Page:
It's a different dynamic—a new kind of offense. And Coach Clifford should be excited about its prospects.
As Walker told Tom Sorensen of The Charlotte Observer, Stephenson's presence can be a major help for the Charlotte attack:
He’ll help me in a lot of aspects. I think he can make shots; I think he can take a lot of pressure off me as well. In late game situations we can go to him. And I can go off the ball at times. If he rebounds I can run and depend on him to make some plays.
Rebounding is an immensely important skill Stephenson possesses, considering Charlotte's inability to push pace last year. And Stephenson posted the best rebound rate of any NBA shooting guard this past season (11.4).
For a young, athletic team, the 2013-14 Bobcats played slow. Much of that had to do with their persistence in keeping Big Al involved, and Jefferson isn't one to sprint down the court and act as a fast-break finisher.
Jefferson is a post-up center, and for him to get the ball and make his best moves comfortably, Charlotte needs to set itself up in the half court. But Stephenson gives some energy to a team that finished in the bottom 10 in pace last season and struggled to find rebounding at the guard spots.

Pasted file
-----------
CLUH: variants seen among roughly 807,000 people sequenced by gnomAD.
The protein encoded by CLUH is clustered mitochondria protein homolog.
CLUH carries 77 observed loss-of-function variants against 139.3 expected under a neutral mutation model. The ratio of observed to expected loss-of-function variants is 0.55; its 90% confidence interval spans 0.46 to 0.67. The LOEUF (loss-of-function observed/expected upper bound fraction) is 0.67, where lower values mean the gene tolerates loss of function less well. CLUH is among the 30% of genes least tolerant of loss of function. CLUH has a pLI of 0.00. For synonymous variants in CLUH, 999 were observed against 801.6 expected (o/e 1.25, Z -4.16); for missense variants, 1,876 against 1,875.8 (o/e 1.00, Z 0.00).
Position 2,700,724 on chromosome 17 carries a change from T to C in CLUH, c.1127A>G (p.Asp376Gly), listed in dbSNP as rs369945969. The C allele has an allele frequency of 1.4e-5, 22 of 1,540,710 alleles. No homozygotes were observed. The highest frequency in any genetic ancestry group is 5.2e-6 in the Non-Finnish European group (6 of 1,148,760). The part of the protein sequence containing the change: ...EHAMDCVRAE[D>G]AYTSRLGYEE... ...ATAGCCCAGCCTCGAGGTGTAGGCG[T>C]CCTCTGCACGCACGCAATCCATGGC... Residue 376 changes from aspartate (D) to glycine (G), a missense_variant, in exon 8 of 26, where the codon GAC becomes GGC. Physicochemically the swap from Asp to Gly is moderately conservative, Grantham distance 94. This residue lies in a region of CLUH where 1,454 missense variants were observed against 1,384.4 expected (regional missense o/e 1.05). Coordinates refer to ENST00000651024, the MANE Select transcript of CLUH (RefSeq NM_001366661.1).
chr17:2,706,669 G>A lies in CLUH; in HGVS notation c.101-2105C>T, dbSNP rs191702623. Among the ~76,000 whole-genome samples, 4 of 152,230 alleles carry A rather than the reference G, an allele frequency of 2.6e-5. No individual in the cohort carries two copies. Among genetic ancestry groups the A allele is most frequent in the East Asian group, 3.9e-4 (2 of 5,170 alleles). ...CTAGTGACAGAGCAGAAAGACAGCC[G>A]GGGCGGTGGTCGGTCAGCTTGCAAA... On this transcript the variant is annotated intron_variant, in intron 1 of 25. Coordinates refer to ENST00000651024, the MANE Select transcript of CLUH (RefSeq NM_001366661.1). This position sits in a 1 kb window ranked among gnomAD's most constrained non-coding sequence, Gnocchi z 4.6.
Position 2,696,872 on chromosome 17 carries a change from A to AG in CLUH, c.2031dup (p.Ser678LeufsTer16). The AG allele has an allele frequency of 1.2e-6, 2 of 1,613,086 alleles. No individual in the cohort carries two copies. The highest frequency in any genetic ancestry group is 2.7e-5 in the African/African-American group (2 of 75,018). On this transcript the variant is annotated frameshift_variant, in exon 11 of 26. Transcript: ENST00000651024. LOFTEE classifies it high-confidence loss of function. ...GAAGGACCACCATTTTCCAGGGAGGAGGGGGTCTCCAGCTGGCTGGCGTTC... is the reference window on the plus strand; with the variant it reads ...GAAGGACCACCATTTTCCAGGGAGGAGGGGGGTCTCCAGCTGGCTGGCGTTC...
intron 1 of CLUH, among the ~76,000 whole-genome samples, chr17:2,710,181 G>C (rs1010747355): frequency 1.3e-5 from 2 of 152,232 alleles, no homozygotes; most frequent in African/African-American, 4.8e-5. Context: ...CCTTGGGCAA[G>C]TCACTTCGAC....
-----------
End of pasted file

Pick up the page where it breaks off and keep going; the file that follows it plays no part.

The Hornets don't need to run often. It's just a nice additional option to have.
When Stephenson gets a defensive board, there's no need for an outlet pass. He can gather and gun. And he already has experience in that role for a slow-moving team.
A sum of $27 million over three years is a bargain for a do-it-all, two-way, 23-year-old shooting guard...in a vacuum. But Stephenson's chemistry-killer reputation made him a turnoff for plenty of teams, possibly including the Pacers, themselves. But that's how small-town Charlotte has to operate.
The Hornets have to take on some risk in going after big names.
It could be basketball risk. It could be character risk. But there has to be some, considering the Hornets aren't outbidding the big boys.